The last two weeks have been a blur- I realized that I have barely communicated with my family and haven’t checked my email once. Since our site visit I have taught 8 classes, one more trainee from our village went back to the States, and we just finished our culminating community project. Our group chose to put on a talent show because we 1) wanted to showcase community talent, especially among our students, and 2) we wanted to bring everyone together in a fun event to spice up another quiet Friday night in good ole’ Taldybulak! We quickly discovered a strong rivalry between the two schools in our village and also wanted to bring them both together through the event. We definitely achieved the first two objectives, but I am not sure we united the schools, as students and teachers started cheers in between acts for their school and two girls got in a little tiff in the middle of the event. I am not sure what we could have done differently, though.
There are moments here when I have nothing to say but, “I love Kazakhstan!” These are often funny and usually unimaginable situations, but in my quest for zen, I take a deep breath, smile, and say out loud…I love Kazakhstan! When several small children follow you into “bathroom” (a set of squat toilets outside) to see if the American can pull off the necessary maneuvering to make it into a very small hole in the company of other people…what else is there but: I love Kazakhstan!
In preparing for the talent show, I had many of these moments. With the enormous help of school staff members and one of our Peace Corps facilitators, we gathered students and teachers to participate in the show. We, however, had about 30 participants at one point, which was completely unmanageable. We also needed sound equipment and arranged to use Peace Corps equipment, but found out about 4 days ago that we couldn’t use it. Renting equipment would be about 3000 tenge per HOUR and with dozens of acts that was out of the question. We had two solid judges, one that said he should be available (and did end up coming) and one judge that backed out the day of. One judge was a local shop owner that we named Duken Man. A duken (dooken) is basically a shop so we call him Shop Man. We walk by him everyday and buy snacks at his shop so we invited him to be a judge. I love our group for its personality and sense of humor in situations like this!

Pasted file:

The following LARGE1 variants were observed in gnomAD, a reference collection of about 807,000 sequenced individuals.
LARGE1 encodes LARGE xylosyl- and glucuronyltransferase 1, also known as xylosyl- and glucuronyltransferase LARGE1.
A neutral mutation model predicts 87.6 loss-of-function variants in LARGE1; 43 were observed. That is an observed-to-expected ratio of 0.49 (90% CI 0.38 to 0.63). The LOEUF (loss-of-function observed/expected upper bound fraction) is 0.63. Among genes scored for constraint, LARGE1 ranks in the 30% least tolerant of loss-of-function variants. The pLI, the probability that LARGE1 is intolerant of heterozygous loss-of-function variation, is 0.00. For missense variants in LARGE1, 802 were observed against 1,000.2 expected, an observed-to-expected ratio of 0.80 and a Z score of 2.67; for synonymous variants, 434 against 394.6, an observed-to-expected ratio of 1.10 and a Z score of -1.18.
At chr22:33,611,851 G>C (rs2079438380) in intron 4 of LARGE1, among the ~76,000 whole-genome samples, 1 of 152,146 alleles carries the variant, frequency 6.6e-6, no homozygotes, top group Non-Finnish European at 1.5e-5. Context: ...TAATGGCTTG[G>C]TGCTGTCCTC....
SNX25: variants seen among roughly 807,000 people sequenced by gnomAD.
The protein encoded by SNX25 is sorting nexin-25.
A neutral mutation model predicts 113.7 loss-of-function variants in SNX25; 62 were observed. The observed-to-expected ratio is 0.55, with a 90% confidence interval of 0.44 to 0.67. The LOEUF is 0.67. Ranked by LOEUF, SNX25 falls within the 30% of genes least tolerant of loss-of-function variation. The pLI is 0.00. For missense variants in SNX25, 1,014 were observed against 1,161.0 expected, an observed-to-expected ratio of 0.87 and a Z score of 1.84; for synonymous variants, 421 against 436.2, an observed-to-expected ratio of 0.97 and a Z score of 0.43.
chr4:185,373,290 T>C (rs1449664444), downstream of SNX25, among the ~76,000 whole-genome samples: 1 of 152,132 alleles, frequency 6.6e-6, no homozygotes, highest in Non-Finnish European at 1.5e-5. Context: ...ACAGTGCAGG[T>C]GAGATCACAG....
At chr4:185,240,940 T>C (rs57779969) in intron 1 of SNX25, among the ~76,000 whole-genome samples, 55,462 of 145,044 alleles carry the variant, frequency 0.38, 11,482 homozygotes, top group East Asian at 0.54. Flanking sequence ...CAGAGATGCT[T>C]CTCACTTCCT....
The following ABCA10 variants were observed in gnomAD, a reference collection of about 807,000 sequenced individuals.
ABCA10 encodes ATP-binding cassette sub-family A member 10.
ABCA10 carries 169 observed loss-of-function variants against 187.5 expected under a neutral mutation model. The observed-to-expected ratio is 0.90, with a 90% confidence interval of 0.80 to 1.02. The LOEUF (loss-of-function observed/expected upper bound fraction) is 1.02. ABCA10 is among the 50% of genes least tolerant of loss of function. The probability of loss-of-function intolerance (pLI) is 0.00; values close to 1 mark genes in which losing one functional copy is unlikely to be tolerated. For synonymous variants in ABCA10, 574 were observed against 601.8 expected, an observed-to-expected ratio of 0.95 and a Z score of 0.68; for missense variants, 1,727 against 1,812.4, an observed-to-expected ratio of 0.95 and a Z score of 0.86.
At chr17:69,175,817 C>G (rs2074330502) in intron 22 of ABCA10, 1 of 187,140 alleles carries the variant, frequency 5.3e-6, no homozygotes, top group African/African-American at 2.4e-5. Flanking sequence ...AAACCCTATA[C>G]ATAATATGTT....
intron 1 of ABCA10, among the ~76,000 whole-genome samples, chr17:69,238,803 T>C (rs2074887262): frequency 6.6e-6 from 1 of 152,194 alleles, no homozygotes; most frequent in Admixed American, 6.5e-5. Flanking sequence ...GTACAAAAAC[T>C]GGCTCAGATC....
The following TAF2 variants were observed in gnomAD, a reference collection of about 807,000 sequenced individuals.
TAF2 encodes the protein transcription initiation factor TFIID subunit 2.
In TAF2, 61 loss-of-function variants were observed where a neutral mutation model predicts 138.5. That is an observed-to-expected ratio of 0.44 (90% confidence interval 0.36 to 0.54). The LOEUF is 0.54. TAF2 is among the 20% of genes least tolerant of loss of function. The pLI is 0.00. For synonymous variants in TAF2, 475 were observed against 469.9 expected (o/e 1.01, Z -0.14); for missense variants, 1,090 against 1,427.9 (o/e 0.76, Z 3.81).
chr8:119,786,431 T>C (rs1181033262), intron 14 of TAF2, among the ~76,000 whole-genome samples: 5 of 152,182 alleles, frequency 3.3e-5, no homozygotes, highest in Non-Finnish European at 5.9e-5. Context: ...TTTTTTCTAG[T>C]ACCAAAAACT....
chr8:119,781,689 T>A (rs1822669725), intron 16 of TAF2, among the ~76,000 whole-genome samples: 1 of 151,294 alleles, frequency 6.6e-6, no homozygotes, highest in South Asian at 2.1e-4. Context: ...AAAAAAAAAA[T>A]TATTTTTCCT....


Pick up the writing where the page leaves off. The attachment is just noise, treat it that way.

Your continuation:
So we showed up to decorate the auditorium with a considerable amount of stress about pulling this off…and we find that the auditorium is flooded with water from a busted pipe! One poor woman attempted to sop up the water with a few dirty rags. She worked for 5 minutes and left for 10 minutes…in and out. We couldn’t do much work with all of that water, so we tucked our business casual pants into our black socks and jumped in! We scooped water with cut-up water bottles and a trash can lid until we had hauled about 12 three gallon buckets of water out of the auditorium. Yes, you did your math right- that is about 40 gallons of water that was standing in front of our stage! Life never ceases to amaze. Kazakhstan never ceases to amaze.
Ultimately we had about 20 contestants, 200 people in the audience, 10 Peace Corps volunteers that came to our event (thanks guys!) and 6 winners. There were hip hop dancers, belly dancers, dombra (traditional instrument) players, singers, and lip-syncers. Our group even opened by dancing to Thriller! The hip hop group was so good, I got goose bumps and the whole crowd went crazy!
This project was one of our final tasks towards the end of training, so we are winding down and getting ready to become real volunteers! We still have to do a teacher training, teach an entire unit, and take our language test, but then we are sent to the far reaches of Kazakhstan to spread the peace. Some days I find that I am terrified, but hope I find many more “I love Kazakhstan” moments!